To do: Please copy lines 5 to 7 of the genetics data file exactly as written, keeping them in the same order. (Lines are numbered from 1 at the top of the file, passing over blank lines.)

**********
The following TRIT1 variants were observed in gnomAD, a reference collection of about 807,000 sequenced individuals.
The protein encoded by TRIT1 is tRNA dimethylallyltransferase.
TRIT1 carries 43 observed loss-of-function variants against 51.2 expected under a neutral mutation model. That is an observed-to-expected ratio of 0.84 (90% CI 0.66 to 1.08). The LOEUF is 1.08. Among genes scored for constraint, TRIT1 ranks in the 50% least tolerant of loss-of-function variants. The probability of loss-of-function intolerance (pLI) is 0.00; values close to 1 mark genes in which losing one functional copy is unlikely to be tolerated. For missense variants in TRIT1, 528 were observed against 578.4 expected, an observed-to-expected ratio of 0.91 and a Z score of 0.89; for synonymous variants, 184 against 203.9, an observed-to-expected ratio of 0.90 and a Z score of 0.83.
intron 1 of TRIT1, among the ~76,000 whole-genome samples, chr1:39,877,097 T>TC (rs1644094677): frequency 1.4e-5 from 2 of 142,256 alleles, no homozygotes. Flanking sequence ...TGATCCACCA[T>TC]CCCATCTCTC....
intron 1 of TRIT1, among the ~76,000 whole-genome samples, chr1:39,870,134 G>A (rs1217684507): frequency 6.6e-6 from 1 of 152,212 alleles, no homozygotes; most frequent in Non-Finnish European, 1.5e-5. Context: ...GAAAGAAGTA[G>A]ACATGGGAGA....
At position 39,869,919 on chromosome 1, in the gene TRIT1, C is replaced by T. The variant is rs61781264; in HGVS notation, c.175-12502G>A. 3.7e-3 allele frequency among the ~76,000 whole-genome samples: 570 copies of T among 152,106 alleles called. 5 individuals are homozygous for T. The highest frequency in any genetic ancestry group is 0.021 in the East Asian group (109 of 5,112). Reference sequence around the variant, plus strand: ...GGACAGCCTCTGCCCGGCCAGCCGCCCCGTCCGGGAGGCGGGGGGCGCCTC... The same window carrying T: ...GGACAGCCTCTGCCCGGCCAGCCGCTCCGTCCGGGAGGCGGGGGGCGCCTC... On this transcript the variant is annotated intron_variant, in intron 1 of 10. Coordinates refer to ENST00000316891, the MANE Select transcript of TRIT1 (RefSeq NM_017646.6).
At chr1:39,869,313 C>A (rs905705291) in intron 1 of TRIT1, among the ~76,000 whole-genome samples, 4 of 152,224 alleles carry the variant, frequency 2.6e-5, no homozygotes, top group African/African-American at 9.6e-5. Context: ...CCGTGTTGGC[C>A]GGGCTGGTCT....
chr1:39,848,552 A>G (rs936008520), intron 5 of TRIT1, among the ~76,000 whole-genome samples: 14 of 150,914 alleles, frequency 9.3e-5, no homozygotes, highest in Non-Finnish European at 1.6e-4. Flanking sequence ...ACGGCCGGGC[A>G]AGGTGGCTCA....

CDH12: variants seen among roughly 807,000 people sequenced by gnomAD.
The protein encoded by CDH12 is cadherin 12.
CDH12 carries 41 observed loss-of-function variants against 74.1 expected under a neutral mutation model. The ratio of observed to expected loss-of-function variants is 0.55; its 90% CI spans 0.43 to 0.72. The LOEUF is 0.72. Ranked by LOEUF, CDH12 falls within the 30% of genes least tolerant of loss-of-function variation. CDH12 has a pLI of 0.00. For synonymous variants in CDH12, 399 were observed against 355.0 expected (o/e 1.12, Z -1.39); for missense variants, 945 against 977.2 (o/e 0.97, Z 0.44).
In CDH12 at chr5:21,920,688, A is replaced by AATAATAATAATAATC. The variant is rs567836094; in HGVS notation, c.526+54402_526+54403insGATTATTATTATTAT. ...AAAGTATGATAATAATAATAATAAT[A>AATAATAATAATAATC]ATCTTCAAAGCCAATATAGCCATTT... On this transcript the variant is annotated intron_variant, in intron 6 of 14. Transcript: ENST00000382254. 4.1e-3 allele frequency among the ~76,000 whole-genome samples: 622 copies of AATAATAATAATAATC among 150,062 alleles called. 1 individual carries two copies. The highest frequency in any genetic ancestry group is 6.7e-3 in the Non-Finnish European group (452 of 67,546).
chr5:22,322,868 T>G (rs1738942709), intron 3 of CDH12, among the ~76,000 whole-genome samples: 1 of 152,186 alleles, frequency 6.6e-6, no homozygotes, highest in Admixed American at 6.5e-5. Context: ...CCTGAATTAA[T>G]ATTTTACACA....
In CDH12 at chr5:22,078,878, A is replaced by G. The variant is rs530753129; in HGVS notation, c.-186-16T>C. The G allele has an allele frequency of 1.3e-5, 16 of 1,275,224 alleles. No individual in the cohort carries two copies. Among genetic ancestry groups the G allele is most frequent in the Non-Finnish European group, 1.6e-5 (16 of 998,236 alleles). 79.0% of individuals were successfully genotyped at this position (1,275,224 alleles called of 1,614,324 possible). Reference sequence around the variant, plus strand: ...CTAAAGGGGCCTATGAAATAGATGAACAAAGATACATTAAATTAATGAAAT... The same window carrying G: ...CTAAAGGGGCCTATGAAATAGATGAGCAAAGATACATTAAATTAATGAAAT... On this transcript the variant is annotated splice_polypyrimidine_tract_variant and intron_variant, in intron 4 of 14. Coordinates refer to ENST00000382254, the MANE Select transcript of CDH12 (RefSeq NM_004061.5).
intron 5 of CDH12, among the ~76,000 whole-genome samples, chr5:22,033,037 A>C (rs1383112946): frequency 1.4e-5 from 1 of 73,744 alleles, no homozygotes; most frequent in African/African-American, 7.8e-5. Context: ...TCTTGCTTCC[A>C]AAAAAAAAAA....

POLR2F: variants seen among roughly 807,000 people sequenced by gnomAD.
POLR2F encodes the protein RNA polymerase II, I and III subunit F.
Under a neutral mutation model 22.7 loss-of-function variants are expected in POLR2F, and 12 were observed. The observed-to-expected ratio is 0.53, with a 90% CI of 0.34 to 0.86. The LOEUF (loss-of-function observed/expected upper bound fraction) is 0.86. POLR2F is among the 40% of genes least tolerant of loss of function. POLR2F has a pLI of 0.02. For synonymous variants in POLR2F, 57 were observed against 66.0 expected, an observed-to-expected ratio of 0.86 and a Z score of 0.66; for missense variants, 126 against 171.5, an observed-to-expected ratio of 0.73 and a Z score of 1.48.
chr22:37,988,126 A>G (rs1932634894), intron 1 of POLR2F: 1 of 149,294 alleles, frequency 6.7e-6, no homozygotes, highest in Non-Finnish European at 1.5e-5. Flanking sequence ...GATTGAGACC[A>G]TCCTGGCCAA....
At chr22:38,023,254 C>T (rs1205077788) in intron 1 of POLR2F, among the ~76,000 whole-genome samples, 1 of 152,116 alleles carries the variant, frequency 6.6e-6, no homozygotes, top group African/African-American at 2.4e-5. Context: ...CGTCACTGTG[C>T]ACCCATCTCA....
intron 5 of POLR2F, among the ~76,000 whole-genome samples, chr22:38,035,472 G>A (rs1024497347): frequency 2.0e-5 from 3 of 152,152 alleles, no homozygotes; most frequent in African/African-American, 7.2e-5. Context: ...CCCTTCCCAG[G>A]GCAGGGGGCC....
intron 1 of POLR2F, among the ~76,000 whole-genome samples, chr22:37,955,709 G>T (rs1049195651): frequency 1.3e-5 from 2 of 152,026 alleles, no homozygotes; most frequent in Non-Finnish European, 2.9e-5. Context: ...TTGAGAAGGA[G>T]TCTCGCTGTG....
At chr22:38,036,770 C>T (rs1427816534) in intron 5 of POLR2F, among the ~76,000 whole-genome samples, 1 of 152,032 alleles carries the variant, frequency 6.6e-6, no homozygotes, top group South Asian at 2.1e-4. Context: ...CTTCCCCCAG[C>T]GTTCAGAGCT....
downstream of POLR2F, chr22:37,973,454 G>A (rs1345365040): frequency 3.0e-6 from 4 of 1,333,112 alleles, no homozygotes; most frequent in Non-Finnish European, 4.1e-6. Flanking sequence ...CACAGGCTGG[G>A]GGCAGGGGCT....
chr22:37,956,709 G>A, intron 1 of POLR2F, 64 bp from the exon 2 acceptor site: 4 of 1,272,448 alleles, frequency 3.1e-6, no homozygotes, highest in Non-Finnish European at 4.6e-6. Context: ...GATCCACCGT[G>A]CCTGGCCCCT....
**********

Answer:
intron 1 of TRIT1, among the ~76,000 whole-genome samples, chr1:39,870,134 G>A (rs1217684507): frequency 6.6e-6 from 1 of 152,212 alleles, no homozygotes; most frequent in Non-Finnish European, 1.5e-5. Context: ...GAAAGAAGTA[G>A]ACATGGGAGA....
At position 39,869,919 on chromosome 1, in the gene TRIT1, C is replaced by T. The variant is rs61781264; in HGVS notation, c.175-12502G>A. 3.7e-3 allele frequency among the ~76,000 whole-genome samples: 570 copies of T among 152,106 alleles called. 5 individuals are homozygous for T. The highest frequency in any genetic ancestry group is 0.021 in the East Asian group (109 of 5,112). Reference sequence around the variant, plus strand: ...GGACAGCCTCTGCCCGGCCAGCCGCCCCGTCCGGGAGGCGGGGGGCGCCTC... The same window carrying T: ...GGACAGCCTCTGCCCGGCCAGCCGCTCCGTCCGGGAGGCGGGGGGCGCCTC... On this transcript the variant is annotated intron_variant, in intron 1 of 10. Coordinates refer to ENST00000316891, the MANE Select transcript of TRIT1 (RefSeq NM_017646.6).
At chr1:39,869,313 C>A (rs905705291) in intron 1 of TRIT1, among the ~76,000 whole-genome samples, 4 of 152,224 alleles carry the variant, frequency 2.6e-5, no homozygotes, top group African/African-American at 9.6e-5. Context: ...CCGTGTTGGC[C>A]GGGCTGGTCT....